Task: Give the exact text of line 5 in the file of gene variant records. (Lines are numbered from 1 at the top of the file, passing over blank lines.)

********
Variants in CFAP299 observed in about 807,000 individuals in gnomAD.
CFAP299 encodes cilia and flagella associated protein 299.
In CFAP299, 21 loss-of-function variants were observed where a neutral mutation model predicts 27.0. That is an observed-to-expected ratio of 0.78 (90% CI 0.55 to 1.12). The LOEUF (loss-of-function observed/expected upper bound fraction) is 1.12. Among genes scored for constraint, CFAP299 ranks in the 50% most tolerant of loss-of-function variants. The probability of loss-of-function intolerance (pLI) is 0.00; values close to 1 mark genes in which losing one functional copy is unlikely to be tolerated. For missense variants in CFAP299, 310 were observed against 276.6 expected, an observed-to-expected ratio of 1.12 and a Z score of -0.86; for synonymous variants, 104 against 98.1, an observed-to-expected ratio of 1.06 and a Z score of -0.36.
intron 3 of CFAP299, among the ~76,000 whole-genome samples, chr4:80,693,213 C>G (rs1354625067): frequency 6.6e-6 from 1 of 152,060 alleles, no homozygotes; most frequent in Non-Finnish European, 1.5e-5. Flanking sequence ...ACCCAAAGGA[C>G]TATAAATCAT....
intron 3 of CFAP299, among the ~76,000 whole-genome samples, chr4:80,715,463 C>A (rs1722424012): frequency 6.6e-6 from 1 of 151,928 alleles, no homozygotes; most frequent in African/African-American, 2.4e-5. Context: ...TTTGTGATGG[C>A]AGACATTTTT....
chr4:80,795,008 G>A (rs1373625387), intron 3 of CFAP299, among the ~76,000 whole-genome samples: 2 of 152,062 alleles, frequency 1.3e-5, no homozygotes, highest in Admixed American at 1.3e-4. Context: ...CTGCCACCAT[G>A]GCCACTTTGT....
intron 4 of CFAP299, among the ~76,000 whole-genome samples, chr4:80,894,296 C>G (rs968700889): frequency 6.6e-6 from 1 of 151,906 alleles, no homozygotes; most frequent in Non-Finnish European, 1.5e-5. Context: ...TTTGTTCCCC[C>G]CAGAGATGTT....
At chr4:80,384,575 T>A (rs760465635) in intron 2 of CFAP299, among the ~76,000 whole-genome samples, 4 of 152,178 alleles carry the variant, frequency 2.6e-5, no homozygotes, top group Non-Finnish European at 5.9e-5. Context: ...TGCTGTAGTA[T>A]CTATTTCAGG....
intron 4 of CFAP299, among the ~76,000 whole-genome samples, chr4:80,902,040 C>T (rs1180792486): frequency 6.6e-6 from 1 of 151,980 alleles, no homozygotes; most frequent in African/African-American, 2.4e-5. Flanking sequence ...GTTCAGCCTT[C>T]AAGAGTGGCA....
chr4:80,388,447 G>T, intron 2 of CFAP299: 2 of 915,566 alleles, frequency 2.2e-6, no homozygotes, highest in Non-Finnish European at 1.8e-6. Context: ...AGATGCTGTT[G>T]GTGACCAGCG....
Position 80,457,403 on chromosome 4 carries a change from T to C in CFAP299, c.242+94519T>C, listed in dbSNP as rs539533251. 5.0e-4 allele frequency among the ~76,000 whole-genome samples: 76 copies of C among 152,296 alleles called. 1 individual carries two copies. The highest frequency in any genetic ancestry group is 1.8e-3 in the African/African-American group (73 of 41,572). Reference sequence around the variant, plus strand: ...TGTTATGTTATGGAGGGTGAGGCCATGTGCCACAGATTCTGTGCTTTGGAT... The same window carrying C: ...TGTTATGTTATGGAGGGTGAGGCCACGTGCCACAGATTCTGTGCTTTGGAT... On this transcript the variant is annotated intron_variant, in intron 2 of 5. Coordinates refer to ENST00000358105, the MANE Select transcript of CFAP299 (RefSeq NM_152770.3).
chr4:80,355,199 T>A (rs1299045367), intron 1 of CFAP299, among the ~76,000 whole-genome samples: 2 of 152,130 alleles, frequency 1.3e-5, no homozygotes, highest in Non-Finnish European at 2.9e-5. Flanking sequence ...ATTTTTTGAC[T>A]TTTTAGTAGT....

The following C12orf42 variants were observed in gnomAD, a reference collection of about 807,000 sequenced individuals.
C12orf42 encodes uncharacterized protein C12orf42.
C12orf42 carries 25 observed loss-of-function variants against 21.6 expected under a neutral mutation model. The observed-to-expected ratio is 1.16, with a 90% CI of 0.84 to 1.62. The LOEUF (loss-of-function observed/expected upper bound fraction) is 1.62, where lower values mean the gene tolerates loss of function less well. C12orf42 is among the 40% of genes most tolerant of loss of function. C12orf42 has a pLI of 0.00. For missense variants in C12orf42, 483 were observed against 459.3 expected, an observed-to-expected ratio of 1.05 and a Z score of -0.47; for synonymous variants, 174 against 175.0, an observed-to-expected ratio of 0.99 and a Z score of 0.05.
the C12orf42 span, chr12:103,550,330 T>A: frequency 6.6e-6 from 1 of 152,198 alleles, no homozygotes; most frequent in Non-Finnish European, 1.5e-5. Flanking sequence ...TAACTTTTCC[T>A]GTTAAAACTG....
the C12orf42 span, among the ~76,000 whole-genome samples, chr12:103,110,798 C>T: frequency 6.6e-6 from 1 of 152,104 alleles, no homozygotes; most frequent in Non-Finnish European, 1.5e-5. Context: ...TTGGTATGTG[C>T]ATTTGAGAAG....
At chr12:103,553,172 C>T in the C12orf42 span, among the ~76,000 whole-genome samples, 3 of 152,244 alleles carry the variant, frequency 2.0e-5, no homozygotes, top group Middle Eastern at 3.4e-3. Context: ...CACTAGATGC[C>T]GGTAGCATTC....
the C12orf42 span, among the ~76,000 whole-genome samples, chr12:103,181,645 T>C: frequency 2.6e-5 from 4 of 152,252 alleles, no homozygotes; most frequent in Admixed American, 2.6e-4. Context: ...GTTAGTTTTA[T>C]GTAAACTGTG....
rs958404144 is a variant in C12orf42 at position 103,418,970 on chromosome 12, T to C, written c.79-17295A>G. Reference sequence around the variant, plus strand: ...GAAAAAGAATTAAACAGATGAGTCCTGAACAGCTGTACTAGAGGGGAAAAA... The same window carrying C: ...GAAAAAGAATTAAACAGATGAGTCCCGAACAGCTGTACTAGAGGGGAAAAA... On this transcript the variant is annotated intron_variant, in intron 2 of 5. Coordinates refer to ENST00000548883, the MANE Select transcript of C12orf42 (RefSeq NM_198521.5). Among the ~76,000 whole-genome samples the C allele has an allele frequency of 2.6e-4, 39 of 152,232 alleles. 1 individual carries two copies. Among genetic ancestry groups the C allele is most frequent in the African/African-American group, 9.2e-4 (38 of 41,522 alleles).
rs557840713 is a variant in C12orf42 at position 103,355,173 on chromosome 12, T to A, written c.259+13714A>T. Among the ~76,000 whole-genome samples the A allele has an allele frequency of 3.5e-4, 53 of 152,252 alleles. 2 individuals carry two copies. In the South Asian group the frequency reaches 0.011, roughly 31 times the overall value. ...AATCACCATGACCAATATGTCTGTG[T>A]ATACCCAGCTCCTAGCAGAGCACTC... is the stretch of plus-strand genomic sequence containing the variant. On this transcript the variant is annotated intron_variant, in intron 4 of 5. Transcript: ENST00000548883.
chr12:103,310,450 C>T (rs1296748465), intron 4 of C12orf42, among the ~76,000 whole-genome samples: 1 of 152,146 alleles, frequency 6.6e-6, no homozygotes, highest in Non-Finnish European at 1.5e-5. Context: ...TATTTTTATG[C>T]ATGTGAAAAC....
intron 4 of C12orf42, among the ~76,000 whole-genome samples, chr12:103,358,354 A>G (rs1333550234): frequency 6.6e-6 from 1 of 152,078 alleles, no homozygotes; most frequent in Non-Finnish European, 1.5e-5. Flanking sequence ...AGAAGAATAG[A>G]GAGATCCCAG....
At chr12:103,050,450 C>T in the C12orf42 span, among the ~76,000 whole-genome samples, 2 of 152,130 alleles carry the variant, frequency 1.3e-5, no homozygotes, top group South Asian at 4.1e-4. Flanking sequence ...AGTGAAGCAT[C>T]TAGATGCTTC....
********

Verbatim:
intron 3 of CFAP299, among the ~76,000 whole-genome samples, chr4:80,715,463 C>A (rs1722424012): frequency 6.6e-6 from 1 of 151,928 alleles, no homozygotes; most frequent in African/African-American, 2.4e-5. Context: ...TTTGTGATGG[C>A]AGACATTTTT....